Mon, October 06, 2008
Sci-Tech > Science

"How did you feel like in space?", President Hu asks spacewalker

2008-09-27 12:14:56 GMT2008-09-27 20:14:56 (Beijing Time) Xinhua English

Chinese President Hu Jintao talks on a phone that connected him at the Beijing Aerospace Control Center (BACC) with astronauts on the spacecraft Shenzhou-7 in Beijing, capital of China, Sept. 27, 2008. (Xinhua Photo/Li Xueren)

BEIJING, Sept. 27 (Xinhua) -- Chinese President Hu Jintao asked Chinese taikonauts what it was like walking in space in a conversation with them after the trio successfully realized the country's first-ever space walk on Saturday.

"How did you feel like in space after exiting the module?" asked smiling Hu, who was talking on a phone that connected him at the Beijing Aerospace Control Center (BACC) with astronauts on the spacecraft Shenzhou-7.

"I felt superb," answered Zhai Zhigang, who carried out about 25 minutes of extra-vehicular activity (EVA) about 343 km above the earth after floating out of the Shenzhou-7 cabin on Saturday afternoon.

"The process of taking on the Feitian spacesuit went smooth," said Zhai, looking confident and radiant on the screen at the BACC. "In the vast space, I felt proud of our motherland."

Hu congratulated the astronauts on the successful feat and encouraged them to carry on efforts to fulfill the mission.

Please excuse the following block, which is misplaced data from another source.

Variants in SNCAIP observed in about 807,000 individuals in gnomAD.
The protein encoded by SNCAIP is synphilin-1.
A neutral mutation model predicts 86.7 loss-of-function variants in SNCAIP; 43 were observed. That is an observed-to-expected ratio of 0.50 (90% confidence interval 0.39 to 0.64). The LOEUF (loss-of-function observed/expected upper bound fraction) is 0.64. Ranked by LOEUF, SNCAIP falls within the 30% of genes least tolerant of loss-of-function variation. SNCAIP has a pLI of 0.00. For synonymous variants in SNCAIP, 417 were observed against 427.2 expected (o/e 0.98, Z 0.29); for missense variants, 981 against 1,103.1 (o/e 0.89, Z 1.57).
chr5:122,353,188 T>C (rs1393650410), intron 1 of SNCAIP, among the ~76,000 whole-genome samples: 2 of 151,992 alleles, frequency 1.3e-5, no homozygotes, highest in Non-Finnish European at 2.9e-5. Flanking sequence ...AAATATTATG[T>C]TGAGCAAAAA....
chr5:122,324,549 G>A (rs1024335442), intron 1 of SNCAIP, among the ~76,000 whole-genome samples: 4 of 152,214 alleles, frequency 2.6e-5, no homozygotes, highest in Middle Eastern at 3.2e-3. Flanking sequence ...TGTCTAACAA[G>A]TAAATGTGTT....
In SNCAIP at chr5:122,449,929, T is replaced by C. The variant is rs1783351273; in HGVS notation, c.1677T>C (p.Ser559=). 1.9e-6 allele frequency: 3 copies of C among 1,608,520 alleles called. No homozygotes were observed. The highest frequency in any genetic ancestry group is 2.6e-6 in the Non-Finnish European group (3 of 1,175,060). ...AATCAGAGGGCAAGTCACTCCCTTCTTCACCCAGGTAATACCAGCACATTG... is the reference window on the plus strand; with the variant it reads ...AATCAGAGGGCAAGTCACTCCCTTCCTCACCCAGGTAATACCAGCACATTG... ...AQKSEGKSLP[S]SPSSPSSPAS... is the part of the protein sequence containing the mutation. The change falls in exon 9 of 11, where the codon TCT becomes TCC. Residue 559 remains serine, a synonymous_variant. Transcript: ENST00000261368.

"The thing I most want to know is how are you feeling now and how is your work going," Hu asked the trio.

"We feel well," said Zhai. "We conducted the space scientific tests as planned and the EVA went smoothly."

Hu hailed the spacewalk as a sign of the country's progress in space scientific technology.

"You have made outstanding contribution to our country's space project," said Hu. "The country and the Chinese people are grateful to you."

At 4:43 p.m. (0843 GMT) on Saturday, Zhai slipped out of the orbital module of Shenzhou-7 in a head-out-first position, wearing a 4-million-U.S.dollar homemade Feitian space suit.

China's first-ever spacewalk marked a remarkable progress in the country's ambitious space program, which will eventually lead to the establishment of a permanent space station.

by Xinhua writer Wang Xiuqiong

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